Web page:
So because I have been just miserably sick with a nasty little cold, I decided to choose a less-than-exciting tradition!!

The Exchange of Rings… (adopted from WorldWeddingTraditions.com and PIBWeddings.com)

According to WorldWeddingTraditions.com, the exchange of rings occurred between the bride and groom at the end of the ceremony.  The ring is circular, with no beginning and no end, thus being the symbol of never-ending love.  Then the couple would kiss their wedding kiss in front of all their assembled witnesses.

And because I know that I can’t just leave you with that, I decided to do some more digging.  Where exactly does the tradition of wedding rings originate?  Well, this is where my research began.  PIBWeddings.com (wedding coordinators in Put-In-Bay) provides a quite comprehensive blurb regarding wedding rings, including this:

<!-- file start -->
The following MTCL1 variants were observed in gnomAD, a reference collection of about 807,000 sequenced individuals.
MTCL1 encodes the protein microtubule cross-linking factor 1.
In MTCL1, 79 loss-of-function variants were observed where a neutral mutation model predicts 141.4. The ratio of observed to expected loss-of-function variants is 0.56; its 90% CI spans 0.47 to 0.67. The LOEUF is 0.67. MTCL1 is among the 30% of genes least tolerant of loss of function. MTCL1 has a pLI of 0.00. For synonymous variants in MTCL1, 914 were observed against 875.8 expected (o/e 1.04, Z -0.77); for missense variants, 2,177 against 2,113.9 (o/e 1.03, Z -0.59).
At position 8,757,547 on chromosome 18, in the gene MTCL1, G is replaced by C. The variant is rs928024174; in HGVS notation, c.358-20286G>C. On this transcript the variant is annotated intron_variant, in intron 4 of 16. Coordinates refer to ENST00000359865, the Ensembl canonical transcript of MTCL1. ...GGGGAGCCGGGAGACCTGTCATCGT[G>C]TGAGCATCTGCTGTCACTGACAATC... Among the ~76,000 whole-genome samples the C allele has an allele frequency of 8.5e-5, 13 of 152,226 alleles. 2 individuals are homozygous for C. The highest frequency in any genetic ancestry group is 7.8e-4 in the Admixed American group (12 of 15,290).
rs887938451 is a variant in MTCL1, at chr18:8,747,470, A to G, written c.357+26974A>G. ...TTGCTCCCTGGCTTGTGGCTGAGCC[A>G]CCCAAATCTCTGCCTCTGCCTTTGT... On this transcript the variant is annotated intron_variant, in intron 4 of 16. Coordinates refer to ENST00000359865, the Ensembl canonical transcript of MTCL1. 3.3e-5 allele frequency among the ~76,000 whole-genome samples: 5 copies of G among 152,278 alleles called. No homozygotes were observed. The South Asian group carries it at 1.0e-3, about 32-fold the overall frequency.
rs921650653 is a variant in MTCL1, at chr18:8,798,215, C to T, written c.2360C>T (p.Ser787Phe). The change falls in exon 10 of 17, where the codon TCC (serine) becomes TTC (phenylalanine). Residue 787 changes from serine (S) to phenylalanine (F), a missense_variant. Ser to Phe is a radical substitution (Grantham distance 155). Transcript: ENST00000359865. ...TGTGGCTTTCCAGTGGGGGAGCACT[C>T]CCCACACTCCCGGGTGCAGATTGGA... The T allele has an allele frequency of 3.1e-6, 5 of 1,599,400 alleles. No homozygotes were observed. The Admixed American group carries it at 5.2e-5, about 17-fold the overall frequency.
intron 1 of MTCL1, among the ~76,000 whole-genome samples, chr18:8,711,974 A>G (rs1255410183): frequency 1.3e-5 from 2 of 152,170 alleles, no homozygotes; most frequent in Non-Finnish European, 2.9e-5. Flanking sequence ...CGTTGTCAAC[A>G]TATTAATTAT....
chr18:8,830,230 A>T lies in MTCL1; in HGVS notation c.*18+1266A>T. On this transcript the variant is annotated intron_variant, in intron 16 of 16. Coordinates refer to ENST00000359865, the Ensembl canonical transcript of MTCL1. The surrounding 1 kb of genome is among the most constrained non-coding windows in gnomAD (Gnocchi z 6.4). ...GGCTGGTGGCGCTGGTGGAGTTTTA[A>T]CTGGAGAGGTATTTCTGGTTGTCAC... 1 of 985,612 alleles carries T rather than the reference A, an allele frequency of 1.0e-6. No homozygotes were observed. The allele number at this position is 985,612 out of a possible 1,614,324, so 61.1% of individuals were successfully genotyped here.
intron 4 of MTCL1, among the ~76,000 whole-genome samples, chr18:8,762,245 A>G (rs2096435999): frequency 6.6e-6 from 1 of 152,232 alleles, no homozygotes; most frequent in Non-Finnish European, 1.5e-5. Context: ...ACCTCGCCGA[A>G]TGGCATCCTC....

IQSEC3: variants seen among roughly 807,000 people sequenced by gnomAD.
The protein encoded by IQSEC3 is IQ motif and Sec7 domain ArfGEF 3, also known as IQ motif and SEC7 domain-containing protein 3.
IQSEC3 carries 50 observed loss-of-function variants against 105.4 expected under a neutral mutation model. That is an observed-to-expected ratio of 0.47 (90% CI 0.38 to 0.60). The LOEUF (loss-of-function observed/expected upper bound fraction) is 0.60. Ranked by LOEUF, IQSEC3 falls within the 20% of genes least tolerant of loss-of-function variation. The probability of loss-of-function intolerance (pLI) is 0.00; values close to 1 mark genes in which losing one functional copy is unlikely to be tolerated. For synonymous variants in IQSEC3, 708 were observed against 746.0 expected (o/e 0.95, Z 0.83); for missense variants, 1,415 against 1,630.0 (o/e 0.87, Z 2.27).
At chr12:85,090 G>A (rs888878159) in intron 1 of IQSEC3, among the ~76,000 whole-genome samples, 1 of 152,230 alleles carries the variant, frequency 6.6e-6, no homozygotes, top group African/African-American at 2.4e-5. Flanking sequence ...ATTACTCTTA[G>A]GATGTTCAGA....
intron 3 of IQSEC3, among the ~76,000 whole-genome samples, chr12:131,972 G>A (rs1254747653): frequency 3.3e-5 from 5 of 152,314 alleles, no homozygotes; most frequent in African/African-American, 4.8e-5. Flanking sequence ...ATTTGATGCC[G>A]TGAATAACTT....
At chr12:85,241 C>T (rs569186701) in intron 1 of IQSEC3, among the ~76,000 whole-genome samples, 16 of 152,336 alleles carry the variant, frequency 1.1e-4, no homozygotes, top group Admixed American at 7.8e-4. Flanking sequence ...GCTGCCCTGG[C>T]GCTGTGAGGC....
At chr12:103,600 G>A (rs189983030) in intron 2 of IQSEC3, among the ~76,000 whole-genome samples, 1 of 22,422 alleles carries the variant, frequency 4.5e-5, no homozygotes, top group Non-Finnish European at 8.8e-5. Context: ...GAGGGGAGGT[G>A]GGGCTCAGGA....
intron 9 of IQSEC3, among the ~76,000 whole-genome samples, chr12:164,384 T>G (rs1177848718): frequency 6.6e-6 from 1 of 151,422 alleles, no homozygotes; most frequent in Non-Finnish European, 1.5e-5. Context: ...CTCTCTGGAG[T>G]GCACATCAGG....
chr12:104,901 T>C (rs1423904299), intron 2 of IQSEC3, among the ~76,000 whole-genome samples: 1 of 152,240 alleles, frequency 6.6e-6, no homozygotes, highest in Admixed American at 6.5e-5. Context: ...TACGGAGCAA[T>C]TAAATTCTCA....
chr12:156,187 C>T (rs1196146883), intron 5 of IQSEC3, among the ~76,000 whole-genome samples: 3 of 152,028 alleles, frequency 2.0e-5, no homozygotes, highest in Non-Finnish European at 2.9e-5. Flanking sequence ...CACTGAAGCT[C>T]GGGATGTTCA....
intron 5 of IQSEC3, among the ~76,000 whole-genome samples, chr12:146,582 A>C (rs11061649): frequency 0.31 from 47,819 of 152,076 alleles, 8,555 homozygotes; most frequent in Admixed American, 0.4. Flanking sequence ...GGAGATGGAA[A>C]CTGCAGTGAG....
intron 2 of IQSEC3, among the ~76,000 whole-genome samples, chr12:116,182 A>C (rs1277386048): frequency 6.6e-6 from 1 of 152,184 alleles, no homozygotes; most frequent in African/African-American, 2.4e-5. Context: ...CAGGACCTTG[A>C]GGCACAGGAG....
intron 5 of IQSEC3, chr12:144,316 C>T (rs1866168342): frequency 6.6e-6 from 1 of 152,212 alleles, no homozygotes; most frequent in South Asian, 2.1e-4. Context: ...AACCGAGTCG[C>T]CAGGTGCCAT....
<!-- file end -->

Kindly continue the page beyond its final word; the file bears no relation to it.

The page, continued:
According to some historians, the first recorded marriage rings date back to the days when early man tied plaited circlets around a Bride’s wrists and ankles to keep her spirit from running away.  Approximately 3,000 BC, Egyptians originated the phrase, “without beginning, without end” in describing the significance of the wedding ring.  Three rings were made of woven hemp which constantly wore out and replacement.  Although Romans originally used iron, gold is now used as a symbol of all that is pure.  Diamonds were first used by Italians who believed it was created from the flames of love.  In some European cultures, the wedding ring is worn on the right hand.  In other cultures, the engagement ring is worn on the left hand and the wedding ring is worn on the right hand.

All of this I find very interesting…but of course, both my engagement and wedding rings will be worn on the left hand…because in this culture, that’s how we do it!! 🙂

So yes, Neil and I will be participating in the tradition of the exchanging of rings…now, if only I could get a ring shot like this…

Emily Ringsource

…I would be in absolute seventh heaven!!

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